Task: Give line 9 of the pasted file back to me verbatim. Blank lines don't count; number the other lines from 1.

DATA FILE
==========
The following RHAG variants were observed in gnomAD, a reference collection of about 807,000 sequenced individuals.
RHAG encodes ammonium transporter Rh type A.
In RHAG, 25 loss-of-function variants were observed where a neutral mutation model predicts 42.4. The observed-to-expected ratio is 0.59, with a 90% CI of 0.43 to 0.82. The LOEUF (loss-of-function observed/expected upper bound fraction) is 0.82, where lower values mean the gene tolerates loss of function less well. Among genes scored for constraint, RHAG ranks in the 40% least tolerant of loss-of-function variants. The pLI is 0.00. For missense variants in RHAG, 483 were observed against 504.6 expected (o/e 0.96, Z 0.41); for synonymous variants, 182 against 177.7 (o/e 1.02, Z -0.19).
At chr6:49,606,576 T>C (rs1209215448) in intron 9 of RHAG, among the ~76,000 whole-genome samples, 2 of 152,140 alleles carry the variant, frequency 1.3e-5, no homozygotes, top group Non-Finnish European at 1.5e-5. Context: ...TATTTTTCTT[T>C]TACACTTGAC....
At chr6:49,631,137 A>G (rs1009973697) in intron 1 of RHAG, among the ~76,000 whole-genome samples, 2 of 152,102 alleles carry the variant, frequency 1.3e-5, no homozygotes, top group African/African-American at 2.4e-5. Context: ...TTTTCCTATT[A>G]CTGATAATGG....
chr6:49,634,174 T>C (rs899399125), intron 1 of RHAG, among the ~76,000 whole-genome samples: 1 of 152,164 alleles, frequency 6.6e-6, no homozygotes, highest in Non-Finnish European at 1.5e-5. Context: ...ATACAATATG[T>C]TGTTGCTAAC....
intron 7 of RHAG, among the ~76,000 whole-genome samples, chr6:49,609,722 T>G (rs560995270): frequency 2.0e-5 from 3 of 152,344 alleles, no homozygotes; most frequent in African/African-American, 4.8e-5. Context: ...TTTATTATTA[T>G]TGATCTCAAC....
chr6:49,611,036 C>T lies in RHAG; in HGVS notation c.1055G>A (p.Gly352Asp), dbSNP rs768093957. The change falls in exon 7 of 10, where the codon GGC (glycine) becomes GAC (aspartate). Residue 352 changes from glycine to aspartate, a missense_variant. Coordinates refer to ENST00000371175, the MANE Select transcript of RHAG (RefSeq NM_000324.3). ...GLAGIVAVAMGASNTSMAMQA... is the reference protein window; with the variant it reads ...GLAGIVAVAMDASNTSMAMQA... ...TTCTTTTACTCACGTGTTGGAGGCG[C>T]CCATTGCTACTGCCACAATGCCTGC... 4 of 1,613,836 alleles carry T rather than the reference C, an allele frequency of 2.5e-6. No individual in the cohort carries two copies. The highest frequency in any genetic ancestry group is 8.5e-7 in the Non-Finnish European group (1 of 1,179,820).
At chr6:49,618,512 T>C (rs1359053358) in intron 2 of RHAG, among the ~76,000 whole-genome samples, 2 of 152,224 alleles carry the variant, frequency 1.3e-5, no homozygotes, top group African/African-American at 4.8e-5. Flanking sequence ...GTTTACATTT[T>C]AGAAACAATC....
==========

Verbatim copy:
At chr6:49,618,512 T>C (rs1359053358) in intron 2 of RHAG, among the ~76,000 whole-genome samples, 2 of 152,224 alleles carry the variant, frequency 1.3e-5, no homozygotes, top group African/African-American at 4.8e-5. Flanking sequence ...GTTTACATTT[T>C]AGAAACAATC....